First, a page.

network interface support.
FreeBSD also makes a great workstation and laptop operating system! It supports the X
Window System, the same one used in Linux distributions to provide a desktop user
interface. It also supports over 13,000 easy to install third-party applications,
including KDE, Gnome, and OpenOffice.
Several projects are available to ease the installation of FreeBSD as a desktop. The
most notable are:
FreeBSD provides many extensible frameworks to easily allow you to customize the
FreeBSD environment to your particular needs. Some of the major frameworks are:
Netgraph is a modular networking subsystem that can be used to supplement the existing
kernel networking infrastructure. Hooks are provided to allow developers to derive their
own modules. As a result, rapid prototyping and production deployment of enhanced network
services can be performed far more easily and with fewer bugs. Many existing operational
modules ship with FreeBSD and include support for:
GEOM is a modular disk I/O request transformation framework. Since it is a pluggable
storage layer, it permits new storage services to be quickly developed and cleanly
integrated into the FreeBSD storage subsystem. Some examples where this can be useful
Newer versions of FreeBSD provide many administrative utilities to use the existing
GEOM modules. For example, one can create a disk mirror using gmirror(8), a stripe
using gstripe(8), and a
shared secret device using gshsec(8).
GBDE, or GEOM Based Disk Encryption, provides strong cryptographic protection and can
protect file systems, swap devices, and other uses of storage media. In addition, GBDE
transparently encrypts entire file systems, not just individual files. No cleartext ever
touches the hard drive's platter.
MAC, or Mandatory Access Control, provides fine-tuned access to files
and is meant to augment traditional operating system authorization provided by file
permissions. Since MAC is implemented as a modular framework, a FreeBSD system can be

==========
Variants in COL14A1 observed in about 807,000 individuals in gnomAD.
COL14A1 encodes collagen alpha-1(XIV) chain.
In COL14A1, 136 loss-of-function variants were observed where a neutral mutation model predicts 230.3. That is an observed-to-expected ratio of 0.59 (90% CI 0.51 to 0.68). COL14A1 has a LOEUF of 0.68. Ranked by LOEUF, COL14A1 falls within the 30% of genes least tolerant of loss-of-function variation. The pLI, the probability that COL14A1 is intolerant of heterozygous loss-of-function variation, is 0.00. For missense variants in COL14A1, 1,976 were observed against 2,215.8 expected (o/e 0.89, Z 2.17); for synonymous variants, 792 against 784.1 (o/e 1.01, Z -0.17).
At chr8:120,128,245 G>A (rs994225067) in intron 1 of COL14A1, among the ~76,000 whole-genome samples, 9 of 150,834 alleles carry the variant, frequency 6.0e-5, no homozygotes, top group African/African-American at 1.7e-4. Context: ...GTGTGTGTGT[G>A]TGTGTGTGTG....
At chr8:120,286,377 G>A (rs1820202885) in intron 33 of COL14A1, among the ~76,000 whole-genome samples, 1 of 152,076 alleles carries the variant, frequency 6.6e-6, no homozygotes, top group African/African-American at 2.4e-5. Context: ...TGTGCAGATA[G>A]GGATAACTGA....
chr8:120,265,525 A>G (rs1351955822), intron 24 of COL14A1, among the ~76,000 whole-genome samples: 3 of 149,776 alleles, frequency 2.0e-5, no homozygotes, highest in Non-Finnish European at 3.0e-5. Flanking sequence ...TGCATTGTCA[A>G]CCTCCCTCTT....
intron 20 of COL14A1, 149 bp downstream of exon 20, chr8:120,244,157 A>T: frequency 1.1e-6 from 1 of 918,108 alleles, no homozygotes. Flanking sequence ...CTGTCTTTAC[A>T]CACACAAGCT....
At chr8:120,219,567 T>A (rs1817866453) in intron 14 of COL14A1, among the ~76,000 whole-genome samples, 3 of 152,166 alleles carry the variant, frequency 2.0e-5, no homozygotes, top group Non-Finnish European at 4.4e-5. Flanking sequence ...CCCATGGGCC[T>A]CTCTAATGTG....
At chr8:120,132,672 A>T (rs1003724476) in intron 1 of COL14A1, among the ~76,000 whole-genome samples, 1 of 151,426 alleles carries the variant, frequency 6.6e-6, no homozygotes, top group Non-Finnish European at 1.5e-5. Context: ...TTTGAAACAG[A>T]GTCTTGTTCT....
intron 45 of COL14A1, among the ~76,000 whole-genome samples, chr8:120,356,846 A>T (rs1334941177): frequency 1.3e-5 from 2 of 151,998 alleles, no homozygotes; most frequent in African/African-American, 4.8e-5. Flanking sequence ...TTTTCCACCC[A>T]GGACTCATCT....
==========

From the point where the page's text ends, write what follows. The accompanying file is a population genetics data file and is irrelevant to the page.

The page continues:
configured for any required policy varying from HIPAA compliance to the needs of a
FreeBSD ships with modules to implement the following policies; however the framework
allows you to develop any required policy:
Like Linux, FreeBSD provides support for PAM,
Pluggable Authentication Modules. This allows an administrator to augment the traditional
Unix username/password authentication model. FreeBSD provides modules to integrate into
many authentication mechanisms, including:
It also allows the administrator to define policies to control authentication issues
such as the quality of user-chosen passwords.
Security is very important to the FreeBSD
Release Engineering Team. This manifests itself in several concrete areas:
All security incidents and fixes pass through the Security Team and are issued as
publicly available Advisories. The Security Team has a reputation for quickly resolving
known security issues. Full information regarding FreeBSD's security handling procedures
and where to find security information is available at http://www.freebsd.org/security/.
One of the problems associated with Open Source software is the sheer volume of
available applications. There are literally 10s of 1000s of Open Source application
projects each with varying levels of responsiveness to security incidents. FreeBSD has
met this challenge head-on with VuXML. All software shipped with the FreeBSD operating system as well
any software available in the Ports
Collection is compared to a database of known, unresolved vulnerabilities. An
administrator can use the portaudit utility to quickly determine if any software on a
FreeBSD system is vulnerable, and if so, receive a description of the problem and an URL
containing a more detailed vulnerability description.